An anonymous reader sent us a curious little email yesterday evening. She claims that she has found an easy and environmentally safe way to discard of broken electronics, doo-dads and gizmos: pack them in her check-in luggage and wait for TSA monkeys to steal them.
She claims that for the last five years, she has packed broken laptops, hair dryers, PDA, electric razors and even a counterfeit copy of Debbie Does Dallas into her check-in luggage, only to delight when these all go missing on the other side of baggage claim.
Our reader asks if this is common for all travelers: for broken items to be stolen and perhaps sold on eBay. I have to admit, I’ve never had it happen once, but our reader speaks with dead certainty that this behavior is as predictable as the rising sun.
What about you? Is this common TSA practice? Our reader’s email after the jump.
We noted with horror that those poor folks in England were forced to put their expensive electronics into their checked baggage. This brought to mind a personal joke of ours that we’ve been pranking for five years, now. We put our broken electronics into our checked baggage. With only one exception, they are gone when we get to our destination. The exception was a pda with a broken display. Clearly,the inspector had no use for it, but we got rid of it on the next trip by packing it in the original box.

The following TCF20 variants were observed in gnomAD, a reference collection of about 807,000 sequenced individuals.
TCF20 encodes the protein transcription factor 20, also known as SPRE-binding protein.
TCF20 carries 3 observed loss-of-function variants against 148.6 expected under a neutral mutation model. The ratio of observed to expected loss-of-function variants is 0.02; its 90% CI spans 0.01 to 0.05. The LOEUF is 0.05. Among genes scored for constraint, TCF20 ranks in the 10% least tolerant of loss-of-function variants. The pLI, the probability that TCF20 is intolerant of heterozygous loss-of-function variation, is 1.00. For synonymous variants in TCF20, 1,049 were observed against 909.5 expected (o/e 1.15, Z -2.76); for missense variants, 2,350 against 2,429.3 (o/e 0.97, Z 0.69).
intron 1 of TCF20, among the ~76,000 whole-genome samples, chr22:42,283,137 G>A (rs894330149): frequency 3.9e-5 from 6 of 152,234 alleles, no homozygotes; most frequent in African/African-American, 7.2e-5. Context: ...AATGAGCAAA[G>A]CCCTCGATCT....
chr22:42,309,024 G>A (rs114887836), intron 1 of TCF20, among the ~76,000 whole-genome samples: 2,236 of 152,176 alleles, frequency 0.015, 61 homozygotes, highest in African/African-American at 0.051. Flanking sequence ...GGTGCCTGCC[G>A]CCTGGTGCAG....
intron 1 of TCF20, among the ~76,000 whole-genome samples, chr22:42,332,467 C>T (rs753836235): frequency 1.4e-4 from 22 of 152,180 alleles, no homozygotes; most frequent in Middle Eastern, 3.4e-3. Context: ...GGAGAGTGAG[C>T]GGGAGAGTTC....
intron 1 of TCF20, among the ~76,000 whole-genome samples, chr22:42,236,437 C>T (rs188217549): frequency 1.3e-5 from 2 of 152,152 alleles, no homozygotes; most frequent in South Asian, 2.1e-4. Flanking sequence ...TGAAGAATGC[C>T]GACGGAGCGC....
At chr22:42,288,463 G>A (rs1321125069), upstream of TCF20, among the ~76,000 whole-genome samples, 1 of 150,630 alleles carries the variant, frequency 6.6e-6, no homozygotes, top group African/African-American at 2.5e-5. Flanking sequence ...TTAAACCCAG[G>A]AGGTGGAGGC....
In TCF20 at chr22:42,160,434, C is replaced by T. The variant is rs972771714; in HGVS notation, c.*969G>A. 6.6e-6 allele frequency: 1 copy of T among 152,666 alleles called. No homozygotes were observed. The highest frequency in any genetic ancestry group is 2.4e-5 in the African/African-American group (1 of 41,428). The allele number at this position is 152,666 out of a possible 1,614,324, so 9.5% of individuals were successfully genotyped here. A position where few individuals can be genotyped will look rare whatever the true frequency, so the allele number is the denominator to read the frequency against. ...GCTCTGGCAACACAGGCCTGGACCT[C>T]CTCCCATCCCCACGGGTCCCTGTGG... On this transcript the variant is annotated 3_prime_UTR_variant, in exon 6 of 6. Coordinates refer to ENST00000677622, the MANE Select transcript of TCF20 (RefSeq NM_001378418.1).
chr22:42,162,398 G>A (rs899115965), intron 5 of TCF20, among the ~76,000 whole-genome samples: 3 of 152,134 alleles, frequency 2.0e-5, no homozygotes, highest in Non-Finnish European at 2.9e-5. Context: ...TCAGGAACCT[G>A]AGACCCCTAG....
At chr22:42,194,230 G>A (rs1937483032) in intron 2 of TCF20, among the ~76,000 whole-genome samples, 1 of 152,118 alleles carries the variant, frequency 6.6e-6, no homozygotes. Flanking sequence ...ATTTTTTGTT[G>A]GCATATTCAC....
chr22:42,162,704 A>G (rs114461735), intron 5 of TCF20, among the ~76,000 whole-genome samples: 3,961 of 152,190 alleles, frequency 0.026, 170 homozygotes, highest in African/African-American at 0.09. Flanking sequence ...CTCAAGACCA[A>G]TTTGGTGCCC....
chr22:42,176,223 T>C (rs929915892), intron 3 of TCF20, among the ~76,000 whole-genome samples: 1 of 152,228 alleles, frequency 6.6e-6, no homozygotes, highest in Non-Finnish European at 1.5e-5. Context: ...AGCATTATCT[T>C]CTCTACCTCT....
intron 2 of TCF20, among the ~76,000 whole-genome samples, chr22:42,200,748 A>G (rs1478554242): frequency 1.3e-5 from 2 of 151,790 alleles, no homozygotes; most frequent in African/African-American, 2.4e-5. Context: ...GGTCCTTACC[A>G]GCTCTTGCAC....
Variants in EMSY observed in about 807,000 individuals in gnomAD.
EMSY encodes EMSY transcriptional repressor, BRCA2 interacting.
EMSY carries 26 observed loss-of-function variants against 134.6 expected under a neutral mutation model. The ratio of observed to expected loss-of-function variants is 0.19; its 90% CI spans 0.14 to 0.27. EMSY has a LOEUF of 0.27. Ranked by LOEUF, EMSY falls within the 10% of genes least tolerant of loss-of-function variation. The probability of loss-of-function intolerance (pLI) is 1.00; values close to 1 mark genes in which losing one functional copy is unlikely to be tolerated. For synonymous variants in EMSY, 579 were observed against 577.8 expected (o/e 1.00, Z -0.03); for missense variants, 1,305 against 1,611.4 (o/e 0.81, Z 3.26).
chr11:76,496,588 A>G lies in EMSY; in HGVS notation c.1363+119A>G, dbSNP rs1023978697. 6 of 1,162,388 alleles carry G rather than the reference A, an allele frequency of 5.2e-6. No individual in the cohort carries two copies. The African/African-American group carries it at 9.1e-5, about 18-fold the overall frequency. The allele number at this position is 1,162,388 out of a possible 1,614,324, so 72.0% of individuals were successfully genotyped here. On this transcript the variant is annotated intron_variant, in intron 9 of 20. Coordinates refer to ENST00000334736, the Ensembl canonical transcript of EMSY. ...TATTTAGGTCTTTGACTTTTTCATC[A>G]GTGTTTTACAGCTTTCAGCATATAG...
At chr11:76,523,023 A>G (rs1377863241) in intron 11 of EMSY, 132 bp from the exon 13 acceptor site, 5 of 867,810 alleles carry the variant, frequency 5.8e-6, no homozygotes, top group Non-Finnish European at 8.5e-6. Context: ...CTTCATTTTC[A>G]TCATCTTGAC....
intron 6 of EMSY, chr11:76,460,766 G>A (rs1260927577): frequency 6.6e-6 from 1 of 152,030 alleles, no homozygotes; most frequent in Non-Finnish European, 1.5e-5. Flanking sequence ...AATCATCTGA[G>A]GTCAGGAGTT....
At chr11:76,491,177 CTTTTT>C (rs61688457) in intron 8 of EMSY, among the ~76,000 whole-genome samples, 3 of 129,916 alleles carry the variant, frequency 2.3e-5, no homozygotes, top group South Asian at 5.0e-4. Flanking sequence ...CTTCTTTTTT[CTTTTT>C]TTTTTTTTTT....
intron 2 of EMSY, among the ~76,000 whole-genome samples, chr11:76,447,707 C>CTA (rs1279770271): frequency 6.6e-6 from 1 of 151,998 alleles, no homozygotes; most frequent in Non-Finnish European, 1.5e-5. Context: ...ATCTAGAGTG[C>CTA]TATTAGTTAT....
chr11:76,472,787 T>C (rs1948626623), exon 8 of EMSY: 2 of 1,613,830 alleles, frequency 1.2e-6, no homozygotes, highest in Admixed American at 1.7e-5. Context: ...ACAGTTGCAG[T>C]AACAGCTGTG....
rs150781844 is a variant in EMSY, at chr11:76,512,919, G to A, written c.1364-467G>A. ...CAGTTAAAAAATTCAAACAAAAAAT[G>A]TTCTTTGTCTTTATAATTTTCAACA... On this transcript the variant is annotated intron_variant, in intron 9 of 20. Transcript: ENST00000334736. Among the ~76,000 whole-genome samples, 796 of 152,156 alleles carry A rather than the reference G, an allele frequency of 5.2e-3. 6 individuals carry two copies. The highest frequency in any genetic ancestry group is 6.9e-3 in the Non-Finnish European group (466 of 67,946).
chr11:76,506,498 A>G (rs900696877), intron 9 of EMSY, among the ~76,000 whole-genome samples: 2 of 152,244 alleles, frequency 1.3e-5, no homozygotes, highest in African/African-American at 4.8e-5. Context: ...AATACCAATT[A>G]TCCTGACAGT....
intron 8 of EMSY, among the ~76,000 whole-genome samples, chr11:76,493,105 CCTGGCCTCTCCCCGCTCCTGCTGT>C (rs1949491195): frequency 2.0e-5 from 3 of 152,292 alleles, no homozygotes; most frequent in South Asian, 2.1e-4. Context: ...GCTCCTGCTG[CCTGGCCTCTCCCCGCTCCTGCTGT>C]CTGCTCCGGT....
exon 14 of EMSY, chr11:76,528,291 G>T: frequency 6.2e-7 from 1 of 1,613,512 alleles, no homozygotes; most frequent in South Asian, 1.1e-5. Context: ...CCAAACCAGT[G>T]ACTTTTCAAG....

So far, we have unloaded an old Dell laptop with a fried motherboard; 2 pdas, a dysfunctional electronic translator, a broken hair dryer, and my late uncle’s weird collection of 11 non-working electric razors. We also unloaded our copy of The Attack ol the Giant Mosquitos by placing the DVD into a case that featured our very own Photoshop/ink-jet rendition of Debbie Does Dallas.
So this week, we got to thinking about the TSA again. And we were wondering if you might query your readers about their experiences with stuff missing from their checked baggage. We can’t be the only people experiencing this phenomenon. In fact, we think it’s a really big problem, considering that stuff is stolen from our bag on every trip we make through US airports.
We should also note that this theft problem, at least in our experience, has been limited to the US. We have never had anything taken from our bags in Europe or Asia, even in really poor countries such as Myanmar and Honduras.
We think the TSA should be made aware that their inspectors do their Christmas shopping during working hours. And that there should be some accountability or some sort of insurance available to the weary, much put-upon traveller.
What do you think?